Brooklyn-based Waterfront Property Management has filed applications for a five-story, 12-unit mixed-use building at 597 Marcy Avenue, in northern Bedford-Stuyvesant, located two blocks from the Myrtle-Willoughby Avs. stop on the G train. The structure will encompass 17,888 square feet, and will include 3,150 square feet of ground-floor retail space. There will also be 3,400 square feet of doctors’ offices on the second floor. The residential units will be located on the third through fifth floors, averaging 889 square feet apiece. Amenities include 3,454 square feet of recreational space in the cellar, in addition to storage space for 12 bicycles. Maspeth-based Genaro R. Urueta is the architect of record. Demolition permits were filed in 2014 to remove the existing single-story building.
Earlier this year, applications were filed to demolish the former Streit’s Matzo Factory to the ground floor. The developer wants to build a seven-story, 45-unit mixed-use building with 10,219 square feet of ground and cellar-level retail space from the remnants, at 148-154 Rivington Street, on the Lower East Side. Renderings of the project have now been revealed by the New York Times, which can also report that apartments will be condominiums with one- and two-bedroom configurations. The amount of retail space has also been increased to 13,000 square feet. Cogswell Lee Development (the development arm of Cogswell Realty) is the developer, and GLUCK+ is behind the design. Demolition of the factory is expected to commence in the coming weeks.
Rye Brook, N.Y.-based Brantwood Capital has filed applications for an eight-story, eight-unit mixed-use building at 500 West 22nd Street (a.k.a. 197 Tenth Avenue), in West Chelsea. The structure will encompass 33,662 square feet and will feature 1,959 square feet of retail space on the ground and cellar levels. We can’t calculate the size of the residential units, which will likely be condominiums, but there will be a full-floor unit on the second floor, two on the third floor, followed by full-floor units on the fourth through sixth floors, topped by two duplex units across the seventh and eighth floors. The top apartments will also feature rooftop terraces. Norman Cox’s Brooklyn-based Union Street Studio is the architect of record. Demolition permits were filed earlier this month for a four-story building (previously two tenement buildings).
In February of 2015, the property owners of the development site at 22-43 Jackson Avenue (a.k.a. 45-60 23rd Street), located in the Court Square section of Long Island City, placed the property on the market, asking $29 million. Now, Circle F Capital is in contract to acquire the site for nearly $25 million, according to The Real Deal. The developer is planning a 10- or 11-story mixed-use building, with condominium units and 25,000 square feet of retail space. The plot, which is currently occupied by a single-story office building, can accommodate up to 76,000 square feet of development potential. Demolition permits have not been filed for the existing building, nor have new building applications for the new one.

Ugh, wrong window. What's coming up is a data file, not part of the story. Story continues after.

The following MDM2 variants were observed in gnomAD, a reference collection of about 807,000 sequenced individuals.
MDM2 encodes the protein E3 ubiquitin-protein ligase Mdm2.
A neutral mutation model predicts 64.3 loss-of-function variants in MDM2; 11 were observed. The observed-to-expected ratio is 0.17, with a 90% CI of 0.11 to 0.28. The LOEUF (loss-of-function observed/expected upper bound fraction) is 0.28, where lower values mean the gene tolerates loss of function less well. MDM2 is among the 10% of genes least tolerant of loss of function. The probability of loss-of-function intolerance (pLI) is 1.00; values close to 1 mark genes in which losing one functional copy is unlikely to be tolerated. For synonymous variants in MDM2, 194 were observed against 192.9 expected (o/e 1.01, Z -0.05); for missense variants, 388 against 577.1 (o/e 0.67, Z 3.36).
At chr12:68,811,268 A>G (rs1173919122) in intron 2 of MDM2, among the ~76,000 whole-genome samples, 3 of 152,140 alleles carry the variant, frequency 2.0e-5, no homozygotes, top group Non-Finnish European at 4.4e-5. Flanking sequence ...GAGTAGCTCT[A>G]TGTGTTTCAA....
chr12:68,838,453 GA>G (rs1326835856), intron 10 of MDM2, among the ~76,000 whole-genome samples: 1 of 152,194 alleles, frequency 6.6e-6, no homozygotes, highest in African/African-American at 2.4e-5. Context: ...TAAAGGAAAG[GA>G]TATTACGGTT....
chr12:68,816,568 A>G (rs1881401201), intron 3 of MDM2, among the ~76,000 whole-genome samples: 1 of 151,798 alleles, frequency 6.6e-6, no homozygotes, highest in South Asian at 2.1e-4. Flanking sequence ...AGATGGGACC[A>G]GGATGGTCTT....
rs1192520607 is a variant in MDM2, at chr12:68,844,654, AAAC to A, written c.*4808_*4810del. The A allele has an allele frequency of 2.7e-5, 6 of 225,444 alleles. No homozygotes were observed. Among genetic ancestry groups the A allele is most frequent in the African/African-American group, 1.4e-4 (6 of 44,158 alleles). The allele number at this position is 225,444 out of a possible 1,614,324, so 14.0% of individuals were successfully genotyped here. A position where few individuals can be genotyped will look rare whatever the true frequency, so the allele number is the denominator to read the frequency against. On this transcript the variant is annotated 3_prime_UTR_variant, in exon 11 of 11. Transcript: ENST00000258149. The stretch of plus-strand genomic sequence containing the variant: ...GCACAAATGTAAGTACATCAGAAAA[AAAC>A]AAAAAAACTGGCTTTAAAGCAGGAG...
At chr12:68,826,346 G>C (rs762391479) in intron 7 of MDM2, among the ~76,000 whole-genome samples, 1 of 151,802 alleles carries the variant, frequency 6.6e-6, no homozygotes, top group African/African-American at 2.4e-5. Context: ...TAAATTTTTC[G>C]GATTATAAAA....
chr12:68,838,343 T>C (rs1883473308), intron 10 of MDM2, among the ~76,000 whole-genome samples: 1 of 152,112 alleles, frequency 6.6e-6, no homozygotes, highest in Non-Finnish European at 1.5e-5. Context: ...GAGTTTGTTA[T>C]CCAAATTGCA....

Back in December of 2015, it was reported that AB & Sons and Sioni Group were in contract to acquire 235,000 square feet of air rights (from the landmarked Haier Building) for their development assemblage at 989-993 Sixth Avenue, located on the corner of West 37th Street, in the Garment District section of Midtown. They have since closed on the purchase for an undisclosed amount, and now, the development team is planning a roughly 80-story mixed-use building, which could likely include retail space near the street level, a hotel, and residential units, according to The Real Deal. The site could boast up to 375,000 square feet of as-of-right development potential if the 21-story, 90,000-square-foot office building at 989-991 Sixth is demolished. The building reportedly won’t be demolished until at least 2019, probably due to existing leases. The corner lot at 993 Sixth Avenue is occupied by a partially built 18-story hotel project, which will also probably be demolished (it’s five stories in height).